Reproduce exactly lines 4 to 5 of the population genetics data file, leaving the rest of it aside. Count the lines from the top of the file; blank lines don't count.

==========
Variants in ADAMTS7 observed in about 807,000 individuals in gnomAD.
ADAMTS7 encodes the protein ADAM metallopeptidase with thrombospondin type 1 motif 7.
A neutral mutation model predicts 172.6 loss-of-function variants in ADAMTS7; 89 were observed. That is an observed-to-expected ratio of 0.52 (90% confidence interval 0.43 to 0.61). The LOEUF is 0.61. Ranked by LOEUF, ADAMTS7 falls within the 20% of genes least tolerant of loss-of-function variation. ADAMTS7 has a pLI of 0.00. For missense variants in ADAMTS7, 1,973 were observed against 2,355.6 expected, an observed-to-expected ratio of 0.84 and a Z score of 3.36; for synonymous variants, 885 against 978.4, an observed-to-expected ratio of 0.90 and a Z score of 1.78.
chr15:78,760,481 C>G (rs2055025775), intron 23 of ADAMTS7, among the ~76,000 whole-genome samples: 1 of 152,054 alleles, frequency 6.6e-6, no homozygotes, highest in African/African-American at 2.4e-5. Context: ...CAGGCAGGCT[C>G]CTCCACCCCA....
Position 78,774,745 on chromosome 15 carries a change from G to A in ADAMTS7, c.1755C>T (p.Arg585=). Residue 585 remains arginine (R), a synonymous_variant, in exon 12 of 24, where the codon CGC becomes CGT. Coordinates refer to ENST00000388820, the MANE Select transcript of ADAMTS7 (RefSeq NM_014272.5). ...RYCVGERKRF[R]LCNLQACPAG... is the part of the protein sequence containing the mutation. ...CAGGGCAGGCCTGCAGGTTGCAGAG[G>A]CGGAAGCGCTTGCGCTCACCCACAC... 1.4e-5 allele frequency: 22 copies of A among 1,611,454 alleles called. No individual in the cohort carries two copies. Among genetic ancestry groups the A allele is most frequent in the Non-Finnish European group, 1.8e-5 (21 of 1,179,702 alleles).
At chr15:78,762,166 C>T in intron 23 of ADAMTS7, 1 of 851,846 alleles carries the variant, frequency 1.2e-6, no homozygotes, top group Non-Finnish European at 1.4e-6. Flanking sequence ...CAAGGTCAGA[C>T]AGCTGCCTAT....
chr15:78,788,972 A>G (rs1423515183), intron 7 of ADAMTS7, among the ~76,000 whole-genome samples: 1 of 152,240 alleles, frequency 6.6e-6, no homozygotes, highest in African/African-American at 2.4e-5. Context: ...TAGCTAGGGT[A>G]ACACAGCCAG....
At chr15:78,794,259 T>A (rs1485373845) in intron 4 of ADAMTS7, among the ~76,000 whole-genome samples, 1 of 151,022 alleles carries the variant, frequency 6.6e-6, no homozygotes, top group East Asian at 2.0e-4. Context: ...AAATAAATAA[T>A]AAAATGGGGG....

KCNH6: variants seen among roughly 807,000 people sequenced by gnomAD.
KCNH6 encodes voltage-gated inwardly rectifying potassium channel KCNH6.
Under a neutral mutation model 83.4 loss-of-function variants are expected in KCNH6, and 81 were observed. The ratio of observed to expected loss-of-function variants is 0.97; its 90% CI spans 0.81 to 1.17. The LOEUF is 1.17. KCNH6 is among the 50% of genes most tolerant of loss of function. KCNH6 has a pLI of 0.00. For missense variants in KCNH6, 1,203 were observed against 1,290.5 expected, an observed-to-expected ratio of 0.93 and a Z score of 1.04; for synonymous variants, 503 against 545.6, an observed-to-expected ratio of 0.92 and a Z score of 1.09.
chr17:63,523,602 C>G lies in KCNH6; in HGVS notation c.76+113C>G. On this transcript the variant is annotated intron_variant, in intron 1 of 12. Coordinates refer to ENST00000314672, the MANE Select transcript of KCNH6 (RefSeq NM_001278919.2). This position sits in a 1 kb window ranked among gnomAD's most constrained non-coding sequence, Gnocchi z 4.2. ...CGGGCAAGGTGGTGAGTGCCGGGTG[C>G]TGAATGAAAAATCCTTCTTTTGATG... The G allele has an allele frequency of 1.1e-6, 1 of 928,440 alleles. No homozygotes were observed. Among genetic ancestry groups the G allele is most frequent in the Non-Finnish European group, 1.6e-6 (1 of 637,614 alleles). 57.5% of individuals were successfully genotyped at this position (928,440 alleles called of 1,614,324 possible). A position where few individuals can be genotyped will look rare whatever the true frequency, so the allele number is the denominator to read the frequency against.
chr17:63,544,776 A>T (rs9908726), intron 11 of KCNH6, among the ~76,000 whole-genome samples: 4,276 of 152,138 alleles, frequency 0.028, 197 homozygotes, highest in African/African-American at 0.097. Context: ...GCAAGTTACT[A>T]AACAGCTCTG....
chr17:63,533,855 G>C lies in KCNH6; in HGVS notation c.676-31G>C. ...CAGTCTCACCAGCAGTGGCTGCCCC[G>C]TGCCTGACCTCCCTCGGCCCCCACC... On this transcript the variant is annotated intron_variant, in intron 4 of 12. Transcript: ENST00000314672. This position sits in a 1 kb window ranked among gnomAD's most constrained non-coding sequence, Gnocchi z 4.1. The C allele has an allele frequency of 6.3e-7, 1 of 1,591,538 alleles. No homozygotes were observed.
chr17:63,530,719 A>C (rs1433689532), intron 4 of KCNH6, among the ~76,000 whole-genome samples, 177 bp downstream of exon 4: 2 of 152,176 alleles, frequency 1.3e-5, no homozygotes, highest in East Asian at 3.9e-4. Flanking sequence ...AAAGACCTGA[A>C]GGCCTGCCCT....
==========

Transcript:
chr15:78,760,481 C>G (rs2055025775), intron 23 of ADAMTS7, among the ~76,000 whole-genome samples: 1 of 152,054 alleles, frequency 6.6e-6, no homozygotes, highest in African/African-American at 2.4e-5. Context: ...CAGGCAGGCT[C>G]CTCCACCCCA....
Position 78,774,745 on chromosome 15 carries a change from G to A in ADAMTS7, c.1755C>T (p.Arg585=). Residue 585 remains arginine (R), a synonymous_variant, in exon 12 of 24, where the codon CGC becomes CGT. Coordinates refer to ENST00000388820, the MANE Select transcript of ADAMTS7 (RefSeq NM_014272.5). ...RYCVGERKRF[R]LCNLQACPAG... is the part of the protein sequence containing the mutation. ...CAGGGCAGGCCTGCAGGTTGCAGAG[G>A]CGGAAGCGCTTGCGCTCACCCACAC... 1.4e-5 allele frequency: 22 copies of A among 1,611,454 alleles called. No individual in the cohort carries two copies. Among genetic ancestry groups the A allele is most frequent in the Non-Finnish European group, 1.8e-5 (21 of 1,179,702 alleles).